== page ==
This morning, they're going to listen to P. Diddy's rendition of the Walter Dean Myers poem "Harlem" for the third time -- a tough piece of literature for fourth-graders, but one made easier with careful dissection.
As the ten girls and seven boys gather around her on the floor, Rosenberg admits she didn't know P. Diddy, Puff Daddy and Sean "Puffy" Combs were one and the same; in fact, she thought this P. Diddy character was dead. The kids find that hilarious. "You're thinking of Tupac and Biggie," one boy explains.
Rosenberg chuckles at herself and repeats what she told her kids the day before: As they read the poem, they should draw inferences to help them decipher the meaning. Doing so, she says, requires looking to the text for clues. If they don't understand one line, they might understand another that will help them figure it out. She tells them to jot down questions that occur to them as they listen to the tape. "Why?" she asks. "If you ask questions, it brings more pictures to your mind," one girl offers.
Right, Rosenberg says; she reminds the class that before she knew what collard greens were, she couldn't form a mental picture of that line in the poem (her students had to fill her in).
The girl closest to the tape recorder presses "play." They took to the road in Waycross, Georgia/Skipped over the tracks in East St. Louis.
It's snowing outside, and a lamp in the corner of the reading circle provides the only light. There's no desk in the room, and the chalkboard and walls are covered with student work and large pieces of paper bearing Rosenberg's tips from previous lessons. Two teachers and one literacy coach from Greenwood Elementary School are here to watch how Rosenberg conducts her literacy session. Greenwood's principal was supposed to come but called in sick; however, the principal from Archuleta Elementary, another new Montbello school, has come, and so have three of his teachers and two literacy coaches. Monica Dilts, the literacy specialist who organized this visit at Mentor Hay's urging, is also present.
Rosenberg stops the tape to give the kids time to formulate their questions. Took the long way through Memphis/The third deck down from Trinidad.
After pausing the tape again, she asks the kids to think about words or lines that confuse them. "What are you wondering about?"
Their pencils race. A wrench of heart from Goree Island/To a place called Harlem.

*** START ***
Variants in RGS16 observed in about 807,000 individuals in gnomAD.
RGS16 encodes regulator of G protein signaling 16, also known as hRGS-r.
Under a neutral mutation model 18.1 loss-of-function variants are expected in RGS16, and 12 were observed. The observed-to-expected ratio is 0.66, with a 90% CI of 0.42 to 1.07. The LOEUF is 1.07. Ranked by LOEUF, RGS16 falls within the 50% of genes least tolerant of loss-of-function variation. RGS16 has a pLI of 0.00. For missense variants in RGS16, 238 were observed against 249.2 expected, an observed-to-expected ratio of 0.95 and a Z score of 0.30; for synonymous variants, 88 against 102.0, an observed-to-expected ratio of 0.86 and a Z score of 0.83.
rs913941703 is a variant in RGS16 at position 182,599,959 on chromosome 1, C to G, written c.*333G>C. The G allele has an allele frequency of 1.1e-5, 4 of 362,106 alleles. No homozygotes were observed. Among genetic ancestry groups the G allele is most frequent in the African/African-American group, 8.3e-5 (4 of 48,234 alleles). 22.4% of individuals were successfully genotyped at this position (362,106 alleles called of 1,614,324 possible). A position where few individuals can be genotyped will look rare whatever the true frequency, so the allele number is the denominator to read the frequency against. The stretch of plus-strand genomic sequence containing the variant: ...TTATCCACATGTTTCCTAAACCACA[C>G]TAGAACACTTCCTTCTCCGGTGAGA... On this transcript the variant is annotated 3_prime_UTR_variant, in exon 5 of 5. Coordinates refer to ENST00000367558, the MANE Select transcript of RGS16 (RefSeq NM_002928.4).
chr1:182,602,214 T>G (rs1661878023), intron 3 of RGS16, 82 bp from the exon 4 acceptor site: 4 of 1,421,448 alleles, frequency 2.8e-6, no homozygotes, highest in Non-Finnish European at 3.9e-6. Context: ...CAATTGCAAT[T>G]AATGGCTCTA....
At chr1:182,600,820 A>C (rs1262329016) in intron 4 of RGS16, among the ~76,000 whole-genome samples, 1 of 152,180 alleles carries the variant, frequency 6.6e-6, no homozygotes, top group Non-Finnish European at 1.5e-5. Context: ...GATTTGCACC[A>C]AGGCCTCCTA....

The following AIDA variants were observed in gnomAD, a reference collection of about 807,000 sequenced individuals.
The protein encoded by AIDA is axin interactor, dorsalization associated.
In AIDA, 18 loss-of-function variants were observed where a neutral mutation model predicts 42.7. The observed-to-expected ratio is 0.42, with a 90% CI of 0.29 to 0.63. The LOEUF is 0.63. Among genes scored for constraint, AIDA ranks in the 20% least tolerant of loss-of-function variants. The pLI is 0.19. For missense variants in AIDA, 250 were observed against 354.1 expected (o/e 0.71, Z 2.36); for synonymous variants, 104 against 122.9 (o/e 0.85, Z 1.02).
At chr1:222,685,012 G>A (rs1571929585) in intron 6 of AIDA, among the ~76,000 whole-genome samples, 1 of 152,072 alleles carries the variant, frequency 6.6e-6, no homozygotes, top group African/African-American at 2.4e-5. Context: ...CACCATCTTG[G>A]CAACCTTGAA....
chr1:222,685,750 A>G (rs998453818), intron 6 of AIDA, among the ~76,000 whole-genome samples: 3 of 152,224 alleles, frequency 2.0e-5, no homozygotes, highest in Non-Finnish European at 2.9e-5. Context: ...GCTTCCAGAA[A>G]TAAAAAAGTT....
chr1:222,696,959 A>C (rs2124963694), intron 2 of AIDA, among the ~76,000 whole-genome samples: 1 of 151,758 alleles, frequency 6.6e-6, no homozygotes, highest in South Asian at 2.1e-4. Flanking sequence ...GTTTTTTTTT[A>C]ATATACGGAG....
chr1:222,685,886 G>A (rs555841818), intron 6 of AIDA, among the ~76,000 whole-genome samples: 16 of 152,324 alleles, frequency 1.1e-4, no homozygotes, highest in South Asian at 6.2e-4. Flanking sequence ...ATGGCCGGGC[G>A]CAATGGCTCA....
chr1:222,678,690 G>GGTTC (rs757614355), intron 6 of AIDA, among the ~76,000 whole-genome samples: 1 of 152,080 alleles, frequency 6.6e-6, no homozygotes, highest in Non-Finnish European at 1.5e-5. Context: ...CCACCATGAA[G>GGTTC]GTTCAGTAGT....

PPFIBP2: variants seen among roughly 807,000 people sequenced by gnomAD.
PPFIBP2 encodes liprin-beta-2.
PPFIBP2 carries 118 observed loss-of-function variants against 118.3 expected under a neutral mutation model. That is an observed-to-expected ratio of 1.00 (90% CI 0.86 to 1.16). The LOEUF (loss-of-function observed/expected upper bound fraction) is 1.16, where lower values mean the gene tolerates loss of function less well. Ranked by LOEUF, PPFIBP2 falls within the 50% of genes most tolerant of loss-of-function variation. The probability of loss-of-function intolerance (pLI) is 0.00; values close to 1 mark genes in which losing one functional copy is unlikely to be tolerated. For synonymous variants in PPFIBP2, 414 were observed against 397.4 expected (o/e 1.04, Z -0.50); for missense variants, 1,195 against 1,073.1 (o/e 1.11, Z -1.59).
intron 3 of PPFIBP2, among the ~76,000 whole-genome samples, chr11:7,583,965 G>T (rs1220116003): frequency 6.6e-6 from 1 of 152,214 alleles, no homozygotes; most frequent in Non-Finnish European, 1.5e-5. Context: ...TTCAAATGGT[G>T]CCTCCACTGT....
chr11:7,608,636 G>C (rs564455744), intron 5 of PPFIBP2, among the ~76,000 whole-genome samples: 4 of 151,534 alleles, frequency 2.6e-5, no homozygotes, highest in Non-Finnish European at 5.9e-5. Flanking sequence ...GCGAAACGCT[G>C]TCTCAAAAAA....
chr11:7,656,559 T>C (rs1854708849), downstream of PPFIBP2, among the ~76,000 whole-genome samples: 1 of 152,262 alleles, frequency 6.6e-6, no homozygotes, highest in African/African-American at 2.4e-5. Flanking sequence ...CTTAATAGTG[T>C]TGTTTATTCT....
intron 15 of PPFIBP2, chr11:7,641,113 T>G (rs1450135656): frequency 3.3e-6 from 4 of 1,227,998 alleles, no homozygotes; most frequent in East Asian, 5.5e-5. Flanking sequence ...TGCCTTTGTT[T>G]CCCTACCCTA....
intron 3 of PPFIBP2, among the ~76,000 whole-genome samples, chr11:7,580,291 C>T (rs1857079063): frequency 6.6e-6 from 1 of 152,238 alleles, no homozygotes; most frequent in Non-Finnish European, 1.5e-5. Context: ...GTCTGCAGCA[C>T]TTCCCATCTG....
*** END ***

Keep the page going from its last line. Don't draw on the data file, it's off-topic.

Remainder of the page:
After they're done reading the poem, the kids share their questions while Rosenberg writes them down on an easel of large, lined paper. Where were they living before they came to Harlem? What does "fat round woman in a rectangle" mean? What does the song mean to people? What was the purpose of coming to Harlem?
The student population at this school on 37th Avenue and Josephine Street is much like that of Greenwood Elementary: 78 percent of the 526 kids are Hispanic; 20 percent are black; 47 percent are native Spanish speakers; and 97 percent receive free or reduced-priced lunches. Both schools rated low on last year's accountability reports. But Harrington is not a brand-new school, and it employed literacy coaches even before DPS introduced its program.
"Harrington was already working toward developing a program like this for six or seven years, so naturally it's stronger," Mentor Hay explains. "Every school started from a different point, and schools that had been working toward a strong literacy program were able to make a greater jump, but schools that were starting from square one have further to go."
Rosenberg has worked hard to create a set of rituals that moves the class seamlessly along. When it's time for the kids to break into small groups, she flips on the overhead lights, and the students know to find their seats.
While the kids are busy discussing their questions with one another, Rosenberg works with a group of four students who are behind in reading. Instead of giving them answers to their questions, she asks the two boys and two girls more questions. They want to know why the black people in the poem came to Harlem. Rosenberg asks them what they know of black people from a recent Martin Luther King Jr. lesson. "He wanted people to treat people nice," one girl offers.
"Were black people treated nice in the South?" Rosenberg asks.
In unison, the kids say, "No."
"I know -- maybe they went to Harlem because white people didn't want them in the South," the other girl offers.
With a satisfied grin, Rosenberg says, "I think we're getting somewhere."
At 11:05, it's time to regroup. Rosenberg claps her hands several times to a beat. The kids immediately stop what they're doing and repeat the clapping pattern. It's their signal to gather in a circle on the rug. Rosenberg asks them to put their thumbs up if they thought the exercise was helpful, down if they didn't, and sideways if they're unsure. Most of them raise their thumbs. Rosenberg then asks them how drawing inferences and discussing questions with their classmates helped them understand the poem.
"It helped us communicate more," says one girl.
Another girl has a different answer: "It made me stop and go back to the text to look for clues."
At this, Rosenberg lets out a triumphant "Yes!" It's one of those moments teachers live for.
These kids are getting it.